Last month Tesla CEO Elon Musk indicated that the company entered a phase called “delivery logistics hell,” when a number of Model 3 reservation holders reported delays in receiving completed cars that they had determined to be sitting in some lot with hundreds of other Teslas. A number of photos posted on social media by Model 3 buyers have shown these large lots, the purposes of which Tesla has explained away as regional collection points.
Calling all volunteers, Tesla is looking for help. Yes, the company that is constantly in the news for production hell, paint hell, delivery logistics hell, criminal investigation hell and spaceship …
The Tesla CEO himself then indicated that the company had been running out of car carriers for actual delivery to customers, and that Tesla itself had turned to building car carriers in the face of this shortage.
“Apologies, we’re upgrading our logistics system, but running into an extreme shortage of car carrier trailers. Started building our own car carriers this weekend to alleviate load,” Musk tweeted on Sept. 24.
This claim received immediate publicity and also some pushback from the operators of large car carrier companies, who indicated that there was no such shortage.
But more importantly, who has seen these car carriers that Tesla claims to have built by itself?
First of all, it’s difficult to pinpoint what exactly Musk meant by “car carriers.” Did he mean the double-decker trailers pulled by three-axle trucks on the highway, each of which can carry as many as nine Model 3s? Or did he mean a smaller carrier used within the factory to move cars around the lot, a carrier that does not leave the factory grounds? The distinction is important because any kind of trailer that uses public roads has to be DOT-certified. More importantly, it’s a complex thing with hydraulics and lots of moving parts, and other systems that are not apparent just from looking at one of these things on the highway for a couple of minutes.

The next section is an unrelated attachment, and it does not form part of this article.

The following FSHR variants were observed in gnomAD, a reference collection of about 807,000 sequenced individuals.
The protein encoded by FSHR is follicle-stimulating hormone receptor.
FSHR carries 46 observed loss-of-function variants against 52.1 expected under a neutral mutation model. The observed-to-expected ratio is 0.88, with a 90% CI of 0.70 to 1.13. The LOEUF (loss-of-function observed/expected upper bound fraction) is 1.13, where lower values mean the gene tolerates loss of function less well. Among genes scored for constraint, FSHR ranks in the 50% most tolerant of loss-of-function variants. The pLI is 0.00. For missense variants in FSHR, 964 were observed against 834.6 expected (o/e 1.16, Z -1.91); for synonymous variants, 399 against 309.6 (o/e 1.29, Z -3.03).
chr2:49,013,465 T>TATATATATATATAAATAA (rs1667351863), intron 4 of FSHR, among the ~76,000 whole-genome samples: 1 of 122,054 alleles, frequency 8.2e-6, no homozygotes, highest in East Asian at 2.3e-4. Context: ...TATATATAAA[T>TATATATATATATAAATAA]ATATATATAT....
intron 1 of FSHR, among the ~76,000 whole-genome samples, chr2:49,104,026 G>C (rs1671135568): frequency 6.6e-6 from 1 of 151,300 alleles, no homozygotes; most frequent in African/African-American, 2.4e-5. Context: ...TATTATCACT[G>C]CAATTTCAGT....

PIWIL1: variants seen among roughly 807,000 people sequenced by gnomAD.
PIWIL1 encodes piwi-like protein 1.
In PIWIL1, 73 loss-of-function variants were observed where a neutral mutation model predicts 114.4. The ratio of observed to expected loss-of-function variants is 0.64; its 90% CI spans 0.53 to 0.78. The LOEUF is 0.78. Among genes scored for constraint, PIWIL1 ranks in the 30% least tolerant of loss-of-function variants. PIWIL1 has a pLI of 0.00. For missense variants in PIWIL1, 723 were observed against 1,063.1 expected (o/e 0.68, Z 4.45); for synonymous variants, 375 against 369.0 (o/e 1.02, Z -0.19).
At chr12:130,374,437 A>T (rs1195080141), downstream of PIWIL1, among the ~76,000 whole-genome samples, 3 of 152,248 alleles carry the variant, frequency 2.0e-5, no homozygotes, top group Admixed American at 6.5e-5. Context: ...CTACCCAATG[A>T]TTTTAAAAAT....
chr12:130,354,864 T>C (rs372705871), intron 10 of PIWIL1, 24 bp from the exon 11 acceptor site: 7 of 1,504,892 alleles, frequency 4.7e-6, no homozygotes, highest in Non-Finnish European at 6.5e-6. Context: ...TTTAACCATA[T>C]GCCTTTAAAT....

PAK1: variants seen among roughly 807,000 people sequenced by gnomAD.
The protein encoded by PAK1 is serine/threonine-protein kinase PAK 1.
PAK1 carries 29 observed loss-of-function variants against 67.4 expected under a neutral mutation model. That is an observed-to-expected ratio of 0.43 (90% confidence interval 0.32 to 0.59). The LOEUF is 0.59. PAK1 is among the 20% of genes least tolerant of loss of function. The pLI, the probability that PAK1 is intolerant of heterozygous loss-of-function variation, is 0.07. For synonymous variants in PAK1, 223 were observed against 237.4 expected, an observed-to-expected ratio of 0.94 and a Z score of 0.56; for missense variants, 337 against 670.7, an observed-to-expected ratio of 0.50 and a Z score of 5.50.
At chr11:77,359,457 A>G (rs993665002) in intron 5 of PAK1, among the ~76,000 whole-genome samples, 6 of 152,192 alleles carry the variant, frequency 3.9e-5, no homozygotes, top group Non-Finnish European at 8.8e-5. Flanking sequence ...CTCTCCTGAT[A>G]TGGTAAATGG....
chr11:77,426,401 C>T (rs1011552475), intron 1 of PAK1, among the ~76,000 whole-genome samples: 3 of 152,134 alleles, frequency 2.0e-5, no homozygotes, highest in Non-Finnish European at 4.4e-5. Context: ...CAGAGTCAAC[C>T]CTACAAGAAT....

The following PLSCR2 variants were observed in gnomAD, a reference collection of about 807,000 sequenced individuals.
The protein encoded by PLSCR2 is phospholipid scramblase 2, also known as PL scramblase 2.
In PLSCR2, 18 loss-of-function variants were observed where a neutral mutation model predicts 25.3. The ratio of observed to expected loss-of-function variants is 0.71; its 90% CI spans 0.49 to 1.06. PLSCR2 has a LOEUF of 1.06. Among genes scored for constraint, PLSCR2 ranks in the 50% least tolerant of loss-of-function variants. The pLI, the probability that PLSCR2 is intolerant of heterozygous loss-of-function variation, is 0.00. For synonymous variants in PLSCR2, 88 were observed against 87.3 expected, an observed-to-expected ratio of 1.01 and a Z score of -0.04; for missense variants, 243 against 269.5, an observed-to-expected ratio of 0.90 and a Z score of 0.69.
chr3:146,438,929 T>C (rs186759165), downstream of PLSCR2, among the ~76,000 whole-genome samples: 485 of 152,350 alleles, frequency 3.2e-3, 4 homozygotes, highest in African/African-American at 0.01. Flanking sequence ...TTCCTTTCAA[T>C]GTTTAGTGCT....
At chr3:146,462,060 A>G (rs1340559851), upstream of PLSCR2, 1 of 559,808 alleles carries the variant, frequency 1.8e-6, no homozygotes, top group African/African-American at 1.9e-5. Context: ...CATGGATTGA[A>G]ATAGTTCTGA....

For all the assembly issues faced by the Tesla Model 3 in the first year of production, from battery modules to steel-welding robots, perhaps the last thing that many industry observers were expecting …
Musk’s comment had been taken at face value at the time, but has anyone seen one of these carriers that Musk claimed that Tesla had built to address an alleged carrier shortage?
Granted, it is possible to convert an enclosed trailer meant to deliver something like groceries to carry a car, but it’s not the best idea ever. For one thing, those trailers tend to have a very high point of entry, requiring a steep climb for a car unless it enters through a warehouse port that’s several feet off the ground. Second, those trailers can carry a grand total of two Model 3s due to size and weight restrictions because (once again) they were not built for that sort of thing. Finally, this seems like an expensive thing to get involved in just out of the blue as it’s still cheaper to buy carriers on the open market than build them from scratch, or contract carrier companies to deliver cars, which is what Tesla has been doing.
Perhaps Tesla has been buying car carriers and knocked-down kit form from some manufacturer and assembling them by itself? If that’s the case, that requires an indoor facility as there are electrical systems and hydraulics that have to be installed, so it’s unlikely that this is happening in the tent city or just in the great outdoors in Fremont.